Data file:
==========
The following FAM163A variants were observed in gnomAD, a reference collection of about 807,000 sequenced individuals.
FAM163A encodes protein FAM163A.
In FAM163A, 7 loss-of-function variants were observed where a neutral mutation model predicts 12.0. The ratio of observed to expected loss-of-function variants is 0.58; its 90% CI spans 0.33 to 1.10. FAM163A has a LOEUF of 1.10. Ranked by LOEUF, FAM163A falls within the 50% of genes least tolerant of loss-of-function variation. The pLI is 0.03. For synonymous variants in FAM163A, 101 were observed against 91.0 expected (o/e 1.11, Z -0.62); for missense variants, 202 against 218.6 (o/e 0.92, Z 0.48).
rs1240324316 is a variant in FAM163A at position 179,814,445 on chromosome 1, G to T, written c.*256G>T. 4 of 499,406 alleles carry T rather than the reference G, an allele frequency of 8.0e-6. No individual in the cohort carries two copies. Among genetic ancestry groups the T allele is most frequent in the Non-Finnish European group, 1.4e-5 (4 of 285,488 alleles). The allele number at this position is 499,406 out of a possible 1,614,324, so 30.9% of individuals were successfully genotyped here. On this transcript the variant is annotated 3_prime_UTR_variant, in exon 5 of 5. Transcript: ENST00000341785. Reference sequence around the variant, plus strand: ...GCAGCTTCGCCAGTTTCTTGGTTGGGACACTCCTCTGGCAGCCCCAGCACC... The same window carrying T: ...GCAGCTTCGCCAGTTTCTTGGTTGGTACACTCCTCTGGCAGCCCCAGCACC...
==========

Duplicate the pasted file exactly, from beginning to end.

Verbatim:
The following FAM163A variants were observed in gnomAD, a reference collection of about 807,000 sequenced individuals.
FAM163A encodes protein FAM163A.
In FAM163A, 7 loss-of-function variants were observed where a neutral mutation model predicts 12.0. The ratio of observed to expected loss-of-function variants is 0.58; its 90% CI spans 0.33 to 1.10. FAM163A has a LOEUF of 1.10. Ranked by LOEUF, FAM163A falls within the 50% of genes least tolerant of loss-of-function variation. The pLI is 0.03. For synonymous variants in FAM163A, 101 were observed against 91.0 expected (o/e 1.11, Z -0.62); for missense variants, 202 against 218.6 (o/e 0.92, Z 0.48).
rs1240324316 is a variant in FAM163A at position 179,814,445 on chromosome 1, G to T, written c.*256G>T. 4 of 499,406 alleles carry T rather than the reference G, an allele frequency of 8.0e-6. No individual in the cohort carries two copies. Among genetic ancestry groups the T allele is most frequent in the Non-Finnish European group, 1.4e-5 (4 of 285,488 alleles). The allele number at this position is 499,406 out of a possible 1,614,324, so 30.9% of individuals were successfully genotyped here. On this transcript the variant is annotated 3_prime_UTR_variant, in exon 5 of 5. Transcript: ENST00000341785. Reference sequence around the variant, plus strand: ...GCAGCTTCGCCAGTTTCTTGGTTGGGACACTCCTCTGGCAGCCCCAGCACC... The same window carrying T: ...GCAGCTTCGCCAGTTTCTTGGTTGGTACACTCCTCTGGCAGCCCCAGCACC...